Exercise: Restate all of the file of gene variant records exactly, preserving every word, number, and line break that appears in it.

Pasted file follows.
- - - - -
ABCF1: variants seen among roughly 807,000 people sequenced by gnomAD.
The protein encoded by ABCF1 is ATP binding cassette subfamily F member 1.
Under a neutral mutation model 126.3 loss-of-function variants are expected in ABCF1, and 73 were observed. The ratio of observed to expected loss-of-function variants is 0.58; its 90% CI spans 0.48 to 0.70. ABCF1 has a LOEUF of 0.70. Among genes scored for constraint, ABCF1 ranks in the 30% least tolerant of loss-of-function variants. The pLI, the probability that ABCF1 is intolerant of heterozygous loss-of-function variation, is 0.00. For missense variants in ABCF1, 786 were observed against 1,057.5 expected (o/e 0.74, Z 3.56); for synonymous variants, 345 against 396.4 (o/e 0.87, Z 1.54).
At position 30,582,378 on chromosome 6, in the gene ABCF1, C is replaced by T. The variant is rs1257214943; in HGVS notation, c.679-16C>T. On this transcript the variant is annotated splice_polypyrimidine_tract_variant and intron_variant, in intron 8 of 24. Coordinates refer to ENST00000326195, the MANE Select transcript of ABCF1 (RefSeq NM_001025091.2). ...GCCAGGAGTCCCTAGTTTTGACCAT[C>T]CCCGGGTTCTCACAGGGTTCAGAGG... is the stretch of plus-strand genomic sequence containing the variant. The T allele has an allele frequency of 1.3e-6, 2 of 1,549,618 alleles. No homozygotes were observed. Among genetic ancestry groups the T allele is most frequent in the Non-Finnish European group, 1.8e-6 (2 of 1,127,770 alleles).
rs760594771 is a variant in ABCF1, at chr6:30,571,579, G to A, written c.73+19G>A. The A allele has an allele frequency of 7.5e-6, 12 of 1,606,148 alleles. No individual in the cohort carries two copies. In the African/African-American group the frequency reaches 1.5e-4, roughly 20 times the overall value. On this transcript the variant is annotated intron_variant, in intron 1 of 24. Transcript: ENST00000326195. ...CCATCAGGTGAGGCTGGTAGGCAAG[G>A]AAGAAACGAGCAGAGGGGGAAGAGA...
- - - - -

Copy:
ABCF1: variants seen among roughly 807,000 people sequenced by gnomAD.
The protein encoded by ABCF1 is ATP binding cassette subfamily F member 1.
Under a neutral mutation model 126.3 loss-of-function variants are expected in ABCF1, and 73 were observed. The ratio of observed to expected loss-of-function variants is 0.58; its 90% CI spans 0.48 to 0.70. ABCF1 has a LOEUF of 0.70. Among genes scored for constraint, ABCF1 ranks in the 30% least tolerant of loss-of-function variants. The pLI, the probability that ABCF1 is intolerant of heterozygous loss-of-function variation, is 0.00. For missense variants in ABCF1, 786 were observed against 1,057.5 expected (o/e 0.74, Z 3.56); for synonymous variants, 345 against 396.4 (o/e 0.87, Z 1.54).
At position 30,582,378 on chromosome 6, in the gene ABCF1, C is replaced by T. The variant is rs1257214943; in HGVS notation, c.679-16C>T. On this transcript the variant is annotated splice_polypyrimidine_tract_variant and intron_variant, in intron 8 of 24. Coordinates refer to ENST00000326195, the MANE Select transcript of ABCF1 (RefSeq NM_001025091.2). ...GCCAGGAGTCCCTAGTTTTGACCAT[C>T]CCCGGGTTCTCACAGGGTTCAGAGG... is the stretch of plus-strand genomic sequence containing the variant. The T allele has an allele frequency of 1.3e-6, 2 of 1,549,618 alleles. No homozygotes were observed. Among genetic ancestry groups the T allele is most frequent in the Non-Finnish European group, 1.8e-6 (2 of 1,127,770 alleles).
rs760594771 is a variant in ABCF1, at chr6:30,571,579, G to A, written c.73+19G>A. The A allele has an allele frequency of 7.5e-6, 12 of 1,606,148 alleles. No individual in the cohort carries two copies. In the African/African-American group the frequency reaches 1.5e-4, roughly 20 times the overall value. On this transcript the variant is annotated intron_variant, in intron 1 of 24. Transcript: ENST00000326195. ...CCATCAGGTGAGGCTGGTAGGCAAG[G>A]AAGAAACGAGCAGAGGGGGAAGAGA...